But as incredible, as obviously the most vastly superior sauce any human has ever made as mole poblano is, I can't decide if I'm not fonder of pipian verde or pipian rojo . It's ridiculous.

36. Good conferences. I just love 'em.

We went to Puebla for the 10th annual meeting of the Society for Phenomenology and Media. I'm the only person who's been to every conference, which is a point of irrational pride.

In recent years, SPaM (affectionately) has had some rough times. Conference papers have sometimes been weaker than they should have been, there's been strife of various sorts. But this year was stronger and gave me hope that the future is bright for us.

The hidden fact here is that the Society for Phenomenology and Media once gave me a reason to hope when I didn't have one. This year, again, it fit together well, it made sense, and the papers were very very good.

Tuesday, February 12, 2008

two things for a bright springlike afternoon

Doc Nagel's Top 100 Things

38. Multi-purpose gag lines. I just love 'em.

Down in LA to get out of our place and our headspace for a couple days, we watched two excellent Penguins wins over the weekend (on Saturday against the very sad LA Kings, on Sunday against the vile and hated Philadelphia Flyers). During the Flyers game, which featured typical Flyers thuggery, it occurred to me just how little actual defense their defensemen play, especially Darien Hatcher. Hatcher can't skate, doesn't hit anybody, is often out of position, and I think he realizes this, so he makes up for it by simply cross-checking anyone he can reach. He's disgusting.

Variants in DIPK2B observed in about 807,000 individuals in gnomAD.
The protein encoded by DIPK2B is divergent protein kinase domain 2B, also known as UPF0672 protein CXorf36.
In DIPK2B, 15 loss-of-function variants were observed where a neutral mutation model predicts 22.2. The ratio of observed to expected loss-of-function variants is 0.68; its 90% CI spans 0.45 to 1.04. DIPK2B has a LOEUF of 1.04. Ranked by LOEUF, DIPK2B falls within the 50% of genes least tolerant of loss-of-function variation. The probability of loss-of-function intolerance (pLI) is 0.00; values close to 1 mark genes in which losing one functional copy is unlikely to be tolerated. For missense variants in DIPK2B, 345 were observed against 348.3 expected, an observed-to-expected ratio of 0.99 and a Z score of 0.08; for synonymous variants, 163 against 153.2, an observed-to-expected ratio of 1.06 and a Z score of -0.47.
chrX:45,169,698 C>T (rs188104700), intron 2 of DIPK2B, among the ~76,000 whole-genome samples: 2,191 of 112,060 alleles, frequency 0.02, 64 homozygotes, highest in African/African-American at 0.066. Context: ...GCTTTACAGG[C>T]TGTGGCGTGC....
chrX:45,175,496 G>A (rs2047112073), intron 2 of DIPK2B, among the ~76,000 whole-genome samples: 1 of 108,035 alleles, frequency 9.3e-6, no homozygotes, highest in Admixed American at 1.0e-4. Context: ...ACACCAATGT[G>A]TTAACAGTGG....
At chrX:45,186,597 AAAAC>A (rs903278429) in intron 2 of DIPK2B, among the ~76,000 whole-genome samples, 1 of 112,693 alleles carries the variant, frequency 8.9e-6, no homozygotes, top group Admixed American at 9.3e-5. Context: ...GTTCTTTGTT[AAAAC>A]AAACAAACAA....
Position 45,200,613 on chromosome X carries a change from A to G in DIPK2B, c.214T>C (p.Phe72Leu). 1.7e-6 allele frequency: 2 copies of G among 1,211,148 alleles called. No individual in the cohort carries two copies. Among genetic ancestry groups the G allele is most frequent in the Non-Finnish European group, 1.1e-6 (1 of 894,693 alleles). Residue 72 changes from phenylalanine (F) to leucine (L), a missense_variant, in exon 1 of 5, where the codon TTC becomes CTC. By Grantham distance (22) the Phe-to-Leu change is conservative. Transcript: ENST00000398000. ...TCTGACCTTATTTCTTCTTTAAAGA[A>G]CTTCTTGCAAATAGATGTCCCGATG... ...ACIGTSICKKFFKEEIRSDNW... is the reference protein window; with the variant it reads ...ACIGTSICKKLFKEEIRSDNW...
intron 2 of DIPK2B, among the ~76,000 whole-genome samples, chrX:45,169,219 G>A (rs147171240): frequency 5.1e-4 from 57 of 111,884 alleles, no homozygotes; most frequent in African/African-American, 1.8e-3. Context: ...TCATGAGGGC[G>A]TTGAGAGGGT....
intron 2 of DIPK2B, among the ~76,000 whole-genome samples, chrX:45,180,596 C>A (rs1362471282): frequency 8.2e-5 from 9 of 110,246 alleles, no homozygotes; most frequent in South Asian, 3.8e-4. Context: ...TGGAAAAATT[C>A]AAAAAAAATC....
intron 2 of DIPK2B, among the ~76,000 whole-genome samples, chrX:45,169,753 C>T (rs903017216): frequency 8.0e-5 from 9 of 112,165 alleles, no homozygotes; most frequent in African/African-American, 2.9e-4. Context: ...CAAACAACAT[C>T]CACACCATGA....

I thought to myself, if I played against the Flyers, I would feel stupider and less talented, because nature abhors a vacuum.

Thus was born our latest multi-purpose gag line. You can use it in all sorts of situations:

Political debates: Candidate A must hate debating Candidate Z. Every time they debate, Candidate A gets stupider and loses leadership ability, because nature abhors a vacuum.

Teaching critical thinking: You know, after reading this paper, I suddenly can't tell whether this is a valid argument or not. I've lost most of my logical ability, because nature abhors a vacuum.

Divorce proceedings: It's so upsetting to have to face my ex in court. Whenever I'm there, I feel like I've lost my capacity for empathy and human decency, because nature abhors a vacuum.

Committee meetings: It's no wonder bureaucrats talk like they do. They used to be able to communicate in plain English, but not after all those committee meetings. After all, nature abhors a vacuum.

39. Hockey sticks. I just love 'em.